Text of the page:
Chocolate, “clean eating”, and why people just need to chill out and embrace moderation


Once again in an attempt to prove why we can’t have nice things, one of the other pieces of the article I quoted in my last post talked about how dark chocolate may not necessarily be all that great for you either. I am well known among my friends, family, co-workers, and fitness community for saying “I eat very healthy, but you’ll have to pry the chocolate out of my cold, dead, rotting fingers.”

And I am totally serious. 😀

Granted, on one hand, one must not overdose on anything–especially anything that’s sugary and calorically dense. But on the other, I can’t help but feel that there’s a great deal of scaremongering as click-bait to take advantage of people who are already neurotic about food. Every couple of days I get emails titled things like, “Why exercising makes you fat”, “Why drinking water makes you fat”, “Why cardio makes you fat”, and am expecting the next one to be titled, “Why merely breathing dooms you to be fat, you fatty fat fat person”.


Chill. The. Hell. Out.

There’s this unnecessary struggle in a culture that wants it both ways. We can’t be sedentary and consume twice as many calories as needed and expect to be healthy. At the same time, we can’t obsess over every crumb we put into our mouths until we develop an eating disorder. The phrase “clean eating” is constantly thrown around, but it’s become a nebulous term without a clear definition. People are told “Avoid processed food”, but technically nearly everything is processed to a certain extent, so that’s meaningless too. “Avoid chemicals”, some say, but once again, technically EVERYTHING is a chemical and is composed of chemicals so this is once again meaningless. “Appeal to nature” is a logical fallacy which is oft used by the health and fitness “experts” to scare you into buying their product, book, what-have-you. Don’t buy into it. Don’t try a fad diet or think that you have to eat in an unnatural, highly restricted, and limited way in order to be healthy. Use common sense and good judgment.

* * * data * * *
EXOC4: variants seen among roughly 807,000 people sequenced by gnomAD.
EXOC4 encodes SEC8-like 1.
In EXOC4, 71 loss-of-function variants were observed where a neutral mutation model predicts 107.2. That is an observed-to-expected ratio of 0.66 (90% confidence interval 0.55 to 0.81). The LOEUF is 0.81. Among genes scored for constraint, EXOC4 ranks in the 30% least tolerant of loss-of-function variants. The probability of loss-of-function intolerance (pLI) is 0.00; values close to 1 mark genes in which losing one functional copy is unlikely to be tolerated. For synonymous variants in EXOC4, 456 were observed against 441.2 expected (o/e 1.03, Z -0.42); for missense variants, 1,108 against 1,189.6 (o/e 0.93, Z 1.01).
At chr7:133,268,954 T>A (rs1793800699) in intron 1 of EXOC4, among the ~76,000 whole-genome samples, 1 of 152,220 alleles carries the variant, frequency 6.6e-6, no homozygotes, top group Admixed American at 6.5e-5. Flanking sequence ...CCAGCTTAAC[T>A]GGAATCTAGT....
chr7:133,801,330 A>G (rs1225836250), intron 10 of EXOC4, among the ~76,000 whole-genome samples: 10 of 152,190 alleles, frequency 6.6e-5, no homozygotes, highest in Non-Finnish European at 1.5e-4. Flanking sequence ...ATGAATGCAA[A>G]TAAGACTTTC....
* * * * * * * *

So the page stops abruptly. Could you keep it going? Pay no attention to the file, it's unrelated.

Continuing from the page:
People fail at “diets” because they see them as the following:

  1. Torture
  2. Deprivation
  3. Restriction
  4. Temporary

“Clean eating” is about eating reasonably healthy 80-90% of the time and enjoying yourself the rest of the time. It’s about making changes in your habits you can feel comfortable and content maintaining for the rest of your life. People need to develop a healthy relationship with food and learn how to enjoy it in moderation without either feeling deprived or starved. Food is fuel, but it can be tasty fuel.

This is one of the many reasons why I tell people over and over again: any diet which vilifies any of the macronutrients: fats, carbs, or protein, avoid like the plague. All are required in your diet in varying amounts in order to have a balanced meal plan. So when you hear “Carbs are evil”, “fat makes you fat”, run, just run. Neither “advice” will help you to be healthy and will actually harm you in the long term.

And enjoy your chocolate (in moderation). 😛

Side note: one of the sanest reads I’ve found in a while on the subject is called The Lean Muscle Diet: A Customized Nutrition and Workout Plan–Eat the Foods You Love to Build the Body You Want and Keep It for Life! A lengthy title but a worthwhile read. Regardless of whether or not you are vegan or paleo (and the book discusses both), it’s invaluable. It discusses in depth how to eat for fitness in a sensible way that you can maintain indefinitely.

Don’t let the weekend jeopardize your fitness goals!


From Monday to Friday, we have a routine due to our busy work lives and often it’s easiest to stay on track with our nutrition and exercise during that time. On weekends, it’s entirely too easy to slip up, binge on unhealthy foods at parties and gatherings, and throw out the rule book entirely.

You don’t have to deprive yourself, but you don’t have to kill your fitness goals entirely every weekend, either. Stay on track by remembering to drink plenty of water, eat lots of veggies, fruit, and whole grains, and when presented with options that are less than healthy either passing them up for healthy food instead, swapping them out with a healthier version, or picking one thing to eat in moderation and leave the rest.

I’m a firm believer in the 80-20 rule: eat healthy 80% of the time and 20% of the time allow for reasonable indulgences. Same holds true for weekend. Don’t do 80% unhealthy or worse yet, 100%! Remember your “whys” and your motivation for living a healthier life.

And then, have an ice cream sundae on occasion. 🙂

Happy weekend!

July’s fitness challenge pack sales are almost over!